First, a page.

Meanwhile, B. Patrick Bauer, D-South Bend, former Indiana speaker of the House, who led a six-week walkout by fellow Democrats, criticized the 2011 session, calling it a “complete disaster.”

Excerpts from his press release follow:

“The damage done by single-party rule this session will be severe and lasting.

“It will be felt in the pocketbooks of Hoosiers, in the classrooms where our children are taught, and in the courtrooms of this state, where many will go in the months ahead to try to overturn some of the most onerous policies that are being signed into law.

“Here are two ‘accomplishments’ from this session that describe these past four months perfectly:

“We cut taxes on corporations by 25%.

“We cut benefits for out-of-work Hoosiers by 25%.

“Those two contrasts provide all the proof you need to see the true agenda advanced by Republicans when they have complete control of government. They might describe it as a mandate, but only on behalf of the rich and powerful special interests.

“It has been an agenda that describes job creation as right-to-work proposals that prove only to drive down wages, health care and other benefits for workers. What else could you expect from those who think that having 270,000 Hoosiers unemployed is a positive sign, and do nothing these past four months to try to find good-paying jobs for them?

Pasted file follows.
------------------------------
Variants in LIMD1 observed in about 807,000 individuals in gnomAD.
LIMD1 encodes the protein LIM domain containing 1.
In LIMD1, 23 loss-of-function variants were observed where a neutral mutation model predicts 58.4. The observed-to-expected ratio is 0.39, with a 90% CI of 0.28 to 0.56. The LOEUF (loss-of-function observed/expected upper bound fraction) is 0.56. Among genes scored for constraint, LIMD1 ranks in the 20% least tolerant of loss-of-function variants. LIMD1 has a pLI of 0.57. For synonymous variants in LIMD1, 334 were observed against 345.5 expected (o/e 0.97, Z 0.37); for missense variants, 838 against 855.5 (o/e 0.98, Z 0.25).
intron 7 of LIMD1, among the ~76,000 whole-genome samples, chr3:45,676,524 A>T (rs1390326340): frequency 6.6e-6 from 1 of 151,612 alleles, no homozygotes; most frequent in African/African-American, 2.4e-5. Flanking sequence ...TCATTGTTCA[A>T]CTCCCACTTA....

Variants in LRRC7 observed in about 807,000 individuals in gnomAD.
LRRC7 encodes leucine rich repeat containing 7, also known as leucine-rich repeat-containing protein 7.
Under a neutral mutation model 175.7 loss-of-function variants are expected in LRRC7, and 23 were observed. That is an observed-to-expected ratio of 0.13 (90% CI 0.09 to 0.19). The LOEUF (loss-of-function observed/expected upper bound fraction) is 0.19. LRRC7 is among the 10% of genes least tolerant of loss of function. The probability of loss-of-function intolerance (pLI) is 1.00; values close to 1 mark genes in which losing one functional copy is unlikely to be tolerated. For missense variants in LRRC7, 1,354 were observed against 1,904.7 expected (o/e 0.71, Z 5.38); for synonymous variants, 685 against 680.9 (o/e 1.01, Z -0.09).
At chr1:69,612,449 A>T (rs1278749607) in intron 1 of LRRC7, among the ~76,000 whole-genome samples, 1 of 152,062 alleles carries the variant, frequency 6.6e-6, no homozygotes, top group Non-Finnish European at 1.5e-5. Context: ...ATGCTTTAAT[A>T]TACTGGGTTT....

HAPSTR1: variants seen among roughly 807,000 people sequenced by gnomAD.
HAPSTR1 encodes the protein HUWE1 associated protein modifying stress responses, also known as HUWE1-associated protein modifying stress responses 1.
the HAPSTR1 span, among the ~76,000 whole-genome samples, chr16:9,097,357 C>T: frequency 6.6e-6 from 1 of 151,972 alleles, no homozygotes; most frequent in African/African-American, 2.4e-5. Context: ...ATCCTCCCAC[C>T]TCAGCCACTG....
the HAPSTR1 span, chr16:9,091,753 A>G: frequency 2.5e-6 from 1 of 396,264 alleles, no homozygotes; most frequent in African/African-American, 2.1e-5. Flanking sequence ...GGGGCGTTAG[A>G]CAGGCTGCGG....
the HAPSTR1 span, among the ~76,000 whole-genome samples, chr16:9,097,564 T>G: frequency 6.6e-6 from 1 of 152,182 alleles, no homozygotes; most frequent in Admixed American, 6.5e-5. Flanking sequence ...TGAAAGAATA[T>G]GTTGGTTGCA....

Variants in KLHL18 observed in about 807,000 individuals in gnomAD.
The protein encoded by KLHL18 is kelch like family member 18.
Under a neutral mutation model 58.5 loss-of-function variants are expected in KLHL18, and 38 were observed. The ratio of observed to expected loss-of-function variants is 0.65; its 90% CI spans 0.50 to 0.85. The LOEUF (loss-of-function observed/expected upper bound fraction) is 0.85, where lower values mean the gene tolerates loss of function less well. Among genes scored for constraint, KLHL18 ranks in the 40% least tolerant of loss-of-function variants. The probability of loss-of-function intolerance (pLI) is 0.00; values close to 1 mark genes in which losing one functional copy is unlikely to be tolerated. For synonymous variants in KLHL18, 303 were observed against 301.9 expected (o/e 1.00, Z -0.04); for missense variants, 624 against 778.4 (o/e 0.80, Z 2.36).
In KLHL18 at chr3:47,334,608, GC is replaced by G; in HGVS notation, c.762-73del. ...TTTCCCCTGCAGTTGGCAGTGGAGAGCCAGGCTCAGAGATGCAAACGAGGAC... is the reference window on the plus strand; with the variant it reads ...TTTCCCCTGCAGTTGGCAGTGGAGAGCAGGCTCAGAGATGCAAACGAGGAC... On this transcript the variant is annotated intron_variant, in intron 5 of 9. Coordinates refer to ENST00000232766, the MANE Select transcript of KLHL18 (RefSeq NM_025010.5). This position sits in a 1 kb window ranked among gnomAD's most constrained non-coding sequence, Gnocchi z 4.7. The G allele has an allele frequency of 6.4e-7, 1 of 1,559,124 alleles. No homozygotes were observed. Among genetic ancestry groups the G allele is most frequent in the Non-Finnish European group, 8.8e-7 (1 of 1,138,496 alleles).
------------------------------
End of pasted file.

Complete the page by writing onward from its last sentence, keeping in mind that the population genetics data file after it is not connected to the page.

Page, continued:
“In the weeks and months ahead, the dirty reality of what has been accomplished through single-party control of this Legislature will begin to dawn on the people of Indiana.”

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GOP Gains Mean ‘Sigh of Relief’ for Businesses

November 4, 2010 by · Leave a Comment 

The leader of Indiana’s largest business advocacy group says Tuesday’s election results could mean a “sigh of relief” for Hoosier businesses, but cautions that “incredibly difficult” choices lie ahead in crafting the next state budget.

Indiana Chamber of Commerce President Kevin Brinegar says Republican gains at the state and national levels should provide some certainty for businesses that have “been on the sidelines,” reluctant to invest money and hire workers.

So far, Republicans have picked up 10 seats in the Indiana House and four seats in the Senate.

Brinegar also says the potential for gridlock in Washington coulld be a mixed bag for businesses.

He says some legislation that could harm businesses could be stalled, while other initiatives, specifically the so-called Bush tax cuts, might be allowed to expire.

Republicans gain of 10 seats in the Indiana House, giving them a 58-42 margin with two or more races awaiting final counts.

On the Senate side, the GOP also made significant gains, picking up four seats to reach a 37-13 margin.

Indiana Business for Responsive Government (IBRG), the non-partisan political action program of the Indiana Chamber of Commerce, scored one of the biggest election wins in its history.

Seventy-four of 84 IBRG-endorsed candidates were victorious. Not a single pro-jobs incumbent endorsed by IBRG was defeated, while 15 new legislators won with IBRG-endorsements. IBRG was significantly-engaged in support of 14 top-target challenger and open-seat races, as well as successfully defending five pro-business incumbents seriously challenged with defeat.